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Body matters: rethinking the ethical acceptability of non-beneficial clinical research with children

Type of publication Peer-reviewed
Publikationsform Original article (peer-reviewed)
Author De Clercq Eva, Badarau Domnita Oana, Ruhe Katharina M., Wangmo Tenzin,
Project Attitudes and motives concerning end-of-life decisions: competency and autonomy of children and adolescents in paediatric oncology
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Original article (peer-reviewed)

Journal Medicine, Health Care and Philosophy
Volume (Issue) 18(3)
Page(s) 421 - 431
Title of proceedings Medicine, Health Care and Philosophy
DOI 10.1007/s11019-014-9616-3

Abstract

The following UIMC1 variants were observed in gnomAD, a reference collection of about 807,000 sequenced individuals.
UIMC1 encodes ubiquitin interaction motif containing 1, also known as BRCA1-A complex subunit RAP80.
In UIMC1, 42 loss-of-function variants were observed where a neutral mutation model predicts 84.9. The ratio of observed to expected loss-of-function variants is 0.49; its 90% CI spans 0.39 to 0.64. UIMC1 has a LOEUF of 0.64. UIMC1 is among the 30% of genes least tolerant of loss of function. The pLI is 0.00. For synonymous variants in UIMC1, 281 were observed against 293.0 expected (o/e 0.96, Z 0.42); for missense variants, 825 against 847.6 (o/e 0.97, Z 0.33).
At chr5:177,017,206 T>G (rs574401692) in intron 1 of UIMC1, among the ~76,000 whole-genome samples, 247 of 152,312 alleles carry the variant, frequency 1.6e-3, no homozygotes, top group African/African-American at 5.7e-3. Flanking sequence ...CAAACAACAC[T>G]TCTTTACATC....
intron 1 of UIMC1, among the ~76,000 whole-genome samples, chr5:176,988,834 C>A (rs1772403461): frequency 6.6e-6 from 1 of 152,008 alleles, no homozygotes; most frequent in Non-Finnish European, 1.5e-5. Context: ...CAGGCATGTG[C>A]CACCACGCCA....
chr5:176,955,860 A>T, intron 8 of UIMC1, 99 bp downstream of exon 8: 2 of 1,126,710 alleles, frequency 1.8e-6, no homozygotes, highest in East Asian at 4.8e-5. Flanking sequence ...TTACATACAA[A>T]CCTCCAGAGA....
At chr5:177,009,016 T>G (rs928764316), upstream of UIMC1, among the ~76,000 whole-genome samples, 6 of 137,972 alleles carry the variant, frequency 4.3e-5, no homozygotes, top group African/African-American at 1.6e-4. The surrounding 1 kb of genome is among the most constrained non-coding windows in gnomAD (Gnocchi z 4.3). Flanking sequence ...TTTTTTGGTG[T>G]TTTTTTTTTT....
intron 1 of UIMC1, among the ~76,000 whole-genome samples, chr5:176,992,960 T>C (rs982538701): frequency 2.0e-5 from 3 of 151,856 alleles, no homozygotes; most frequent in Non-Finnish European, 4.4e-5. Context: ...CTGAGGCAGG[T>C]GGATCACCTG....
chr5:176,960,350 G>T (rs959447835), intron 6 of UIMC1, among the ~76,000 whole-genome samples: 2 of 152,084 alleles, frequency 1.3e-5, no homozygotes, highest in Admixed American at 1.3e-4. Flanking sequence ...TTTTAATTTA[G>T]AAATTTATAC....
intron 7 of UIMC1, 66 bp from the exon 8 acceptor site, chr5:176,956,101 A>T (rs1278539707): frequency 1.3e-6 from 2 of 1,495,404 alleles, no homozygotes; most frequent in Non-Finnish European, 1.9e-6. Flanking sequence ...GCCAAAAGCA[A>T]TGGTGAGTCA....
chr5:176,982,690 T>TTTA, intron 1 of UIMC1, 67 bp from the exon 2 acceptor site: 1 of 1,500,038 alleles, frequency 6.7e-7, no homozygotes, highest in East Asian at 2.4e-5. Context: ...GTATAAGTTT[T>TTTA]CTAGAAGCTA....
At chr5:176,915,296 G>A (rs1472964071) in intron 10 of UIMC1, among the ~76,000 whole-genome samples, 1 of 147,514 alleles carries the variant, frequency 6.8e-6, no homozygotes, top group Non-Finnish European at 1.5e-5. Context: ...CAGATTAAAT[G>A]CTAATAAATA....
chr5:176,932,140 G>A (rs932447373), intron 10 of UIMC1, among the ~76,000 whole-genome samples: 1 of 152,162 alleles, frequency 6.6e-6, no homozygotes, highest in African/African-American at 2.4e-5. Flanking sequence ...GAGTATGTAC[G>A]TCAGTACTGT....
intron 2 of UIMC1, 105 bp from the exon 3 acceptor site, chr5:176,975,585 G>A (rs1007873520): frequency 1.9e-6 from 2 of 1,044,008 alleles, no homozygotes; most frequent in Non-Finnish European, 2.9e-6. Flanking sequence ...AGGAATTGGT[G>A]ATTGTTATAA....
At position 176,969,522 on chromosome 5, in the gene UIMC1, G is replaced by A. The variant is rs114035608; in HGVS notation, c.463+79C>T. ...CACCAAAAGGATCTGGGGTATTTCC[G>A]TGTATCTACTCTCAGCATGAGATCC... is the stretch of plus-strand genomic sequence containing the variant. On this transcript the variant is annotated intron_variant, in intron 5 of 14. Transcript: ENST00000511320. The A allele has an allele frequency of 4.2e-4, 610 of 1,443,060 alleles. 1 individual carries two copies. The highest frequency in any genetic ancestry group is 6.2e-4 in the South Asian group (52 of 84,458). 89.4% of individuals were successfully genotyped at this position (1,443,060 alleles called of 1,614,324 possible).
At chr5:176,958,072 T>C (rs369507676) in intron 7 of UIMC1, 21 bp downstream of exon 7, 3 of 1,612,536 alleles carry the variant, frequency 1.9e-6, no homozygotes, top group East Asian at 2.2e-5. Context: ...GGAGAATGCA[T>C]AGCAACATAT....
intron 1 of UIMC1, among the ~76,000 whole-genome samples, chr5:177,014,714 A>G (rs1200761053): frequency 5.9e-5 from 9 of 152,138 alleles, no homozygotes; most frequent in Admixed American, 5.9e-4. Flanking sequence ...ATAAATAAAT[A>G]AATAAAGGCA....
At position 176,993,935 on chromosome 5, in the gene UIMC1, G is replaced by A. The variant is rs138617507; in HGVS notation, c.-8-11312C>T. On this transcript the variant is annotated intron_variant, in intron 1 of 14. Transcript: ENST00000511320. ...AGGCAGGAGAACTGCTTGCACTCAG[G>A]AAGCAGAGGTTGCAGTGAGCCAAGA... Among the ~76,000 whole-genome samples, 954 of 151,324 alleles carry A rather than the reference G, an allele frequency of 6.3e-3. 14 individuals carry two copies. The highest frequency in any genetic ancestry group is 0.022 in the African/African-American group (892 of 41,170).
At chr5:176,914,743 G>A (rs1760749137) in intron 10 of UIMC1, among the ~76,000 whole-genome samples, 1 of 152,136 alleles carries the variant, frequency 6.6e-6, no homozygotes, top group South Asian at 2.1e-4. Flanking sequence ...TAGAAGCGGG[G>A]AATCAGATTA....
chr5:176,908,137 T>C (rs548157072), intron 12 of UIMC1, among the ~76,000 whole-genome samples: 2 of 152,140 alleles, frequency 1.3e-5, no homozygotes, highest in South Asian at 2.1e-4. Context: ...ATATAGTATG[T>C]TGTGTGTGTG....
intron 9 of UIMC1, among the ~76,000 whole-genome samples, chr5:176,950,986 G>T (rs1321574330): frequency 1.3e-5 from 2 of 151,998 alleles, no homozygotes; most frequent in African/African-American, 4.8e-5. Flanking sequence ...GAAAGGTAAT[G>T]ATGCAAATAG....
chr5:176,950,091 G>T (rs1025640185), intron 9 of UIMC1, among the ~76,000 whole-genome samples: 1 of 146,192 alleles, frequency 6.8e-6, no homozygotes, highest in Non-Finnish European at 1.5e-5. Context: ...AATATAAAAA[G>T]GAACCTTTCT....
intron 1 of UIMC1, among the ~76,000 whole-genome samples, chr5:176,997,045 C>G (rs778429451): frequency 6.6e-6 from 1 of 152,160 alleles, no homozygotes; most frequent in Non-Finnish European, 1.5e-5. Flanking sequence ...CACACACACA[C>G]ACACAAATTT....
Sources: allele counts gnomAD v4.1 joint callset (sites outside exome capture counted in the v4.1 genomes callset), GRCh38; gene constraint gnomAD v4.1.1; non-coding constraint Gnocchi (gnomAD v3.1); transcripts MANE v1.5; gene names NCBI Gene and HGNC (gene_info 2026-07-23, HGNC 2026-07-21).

© 2014, Springer Science+Business Media Dordrecht. The involvement of children in non-beneficial clinical research is extremely important for improving pediatric care, but its ethical acceptability is still disputed. Therefore, various pro-research justifications have been proposed throughout the years. The present essay aims at contributing to the on-going discussion surrounding children’s participation in non-beneficial clinical research. Building on Wendler’s ‘contribution to a valuable project’ justification, but going beyond a risk/benefit analysis, it articulates a pro-research argument which appeals to a phenomenological view on the body and vulnerability. It is claimed that children’s bodies are not mere physical objects, but body-subjects due to which children, as persons, can contribute to research that may hold no direct clinical benefit to them even before they can give informed consent.
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